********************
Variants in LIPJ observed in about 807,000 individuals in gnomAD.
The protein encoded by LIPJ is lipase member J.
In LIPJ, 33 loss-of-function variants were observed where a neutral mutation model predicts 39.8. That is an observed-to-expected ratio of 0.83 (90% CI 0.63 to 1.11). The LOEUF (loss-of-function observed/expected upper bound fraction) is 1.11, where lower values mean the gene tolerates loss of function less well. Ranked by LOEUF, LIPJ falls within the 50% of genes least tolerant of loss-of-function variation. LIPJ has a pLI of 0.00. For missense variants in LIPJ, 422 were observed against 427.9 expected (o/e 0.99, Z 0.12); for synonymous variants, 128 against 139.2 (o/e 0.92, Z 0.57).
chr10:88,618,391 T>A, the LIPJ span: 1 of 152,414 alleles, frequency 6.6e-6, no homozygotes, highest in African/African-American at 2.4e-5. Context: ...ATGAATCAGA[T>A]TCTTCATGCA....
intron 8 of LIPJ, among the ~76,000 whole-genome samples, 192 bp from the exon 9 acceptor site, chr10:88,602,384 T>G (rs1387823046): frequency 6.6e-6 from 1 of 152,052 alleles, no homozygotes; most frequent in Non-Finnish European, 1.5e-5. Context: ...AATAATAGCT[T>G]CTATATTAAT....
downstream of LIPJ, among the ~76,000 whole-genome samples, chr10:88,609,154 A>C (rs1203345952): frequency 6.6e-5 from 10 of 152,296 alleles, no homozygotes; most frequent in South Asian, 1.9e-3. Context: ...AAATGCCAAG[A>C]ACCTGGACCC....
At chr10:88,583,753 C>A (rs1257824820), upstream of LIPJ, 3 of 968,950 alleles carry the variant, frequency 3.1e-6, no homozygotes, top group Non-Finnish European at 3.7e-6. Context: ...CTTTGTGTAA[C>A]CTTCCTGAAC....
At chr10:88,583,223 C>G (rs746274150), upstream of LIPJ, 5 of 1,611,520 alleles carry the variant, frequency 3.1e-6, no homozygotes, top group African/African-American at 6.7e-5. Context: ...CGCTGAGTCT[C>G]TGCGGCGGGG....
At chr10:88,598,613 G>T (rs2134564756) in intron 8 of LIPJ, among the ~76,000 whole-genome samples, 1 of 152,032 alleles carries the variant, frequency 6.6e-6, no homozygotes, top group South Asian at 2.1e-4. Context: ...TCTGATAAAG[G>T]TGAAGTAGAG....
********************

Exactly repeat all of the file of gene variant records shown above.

Variants in LIPJ observed in about 807,000 individuals in gnomAD.
The protein encoded by LIPJ is lipase member J.
In LIPJ, 33 loss-of-function variants were observed where a neutral mutation model predicts 39.8. That is an observed-to-expected ratio of 0.83 (90% CI 0.63 to 1.11). The LOEUF (loss-of-function observed/expected upper bound fraction) is 1.11, where lower values mean the gene tolerates loss of function less well. Ranked by LOEUF, LIPJ falls within the 50% of genes least tolerant of loss-of-function variation. LIPJ has a pLI of 0.00. For missense variants in LIPJ, 422 were observed against 427.9 expected (o/e 0.99, Z 0.12); for synonymous variants, 128 against 139.2 (o/e 0.92, Z 0.57).
chr10:88,618,391 T>A, the LIPJ span: 1 of 152,414 alleles, frequency 6.6e-6, no homozygotes, highest in African/African-American at 2.4e-5. Context: ...ATGAATCAGA[T>A]TCTTCATGCA....
intron 8 of LIPJ, among the ~76,000 whole-genome samples, 192 bp from the exon 9 acceptor site, chr10:88,602,384 T>G (rs1387823046): frequency 6.6e-6 from 1 of 152,052 alleles, no homozygotes; most frequent in Non-Finnish European, 1.5e-5. Context: ...AATAATAGCT[T>G]CTATATTAAT....
downstream of LIPJ, among the ~76,000 whole-genome samples, chr10:88,609,154 A>C (rs1203345952): frequency 6.6e-5 from 10 of 152,296 alleles, no homozygotes; most frequent in South Asian, 1.9e-3. Context: ...AAATGCCAAG[A>C]ACCTGGACCC....
At chr10:88,583,753 C>A (rs1257824820), upstream of LIPJ, 3 of 968,950 alleles carry the variant, frequency 3.1e-6, no homozygotes, top group Non-Finnish European at 3.7e-6. Context: ...CTTTGTGTAA[C>A]CTTCCTGAAC....
At chr10:88,583,223 C>G (rs746274150), upstream of LIPJ, 5 of 1,611,520 alleles carry the variant, frequency 3.1e-6, no homozygotes, top group African/African-American at 6.7e-5. Context: ...CGCTGAGTCT[C>G]TGCGGCGGGG....
At chr10:88,598,613 G>T (rs2134564756) in intron 8 of LIPJ, among the ~76,000 whole-genome samples, 1 of 152,032 alleles carries the variant, frequency 6.6e-6, no homozygotes, top group South Asian at 2.1e-4. Context: ...TCTGATAAAG[G>T]TGAAGTAGAG....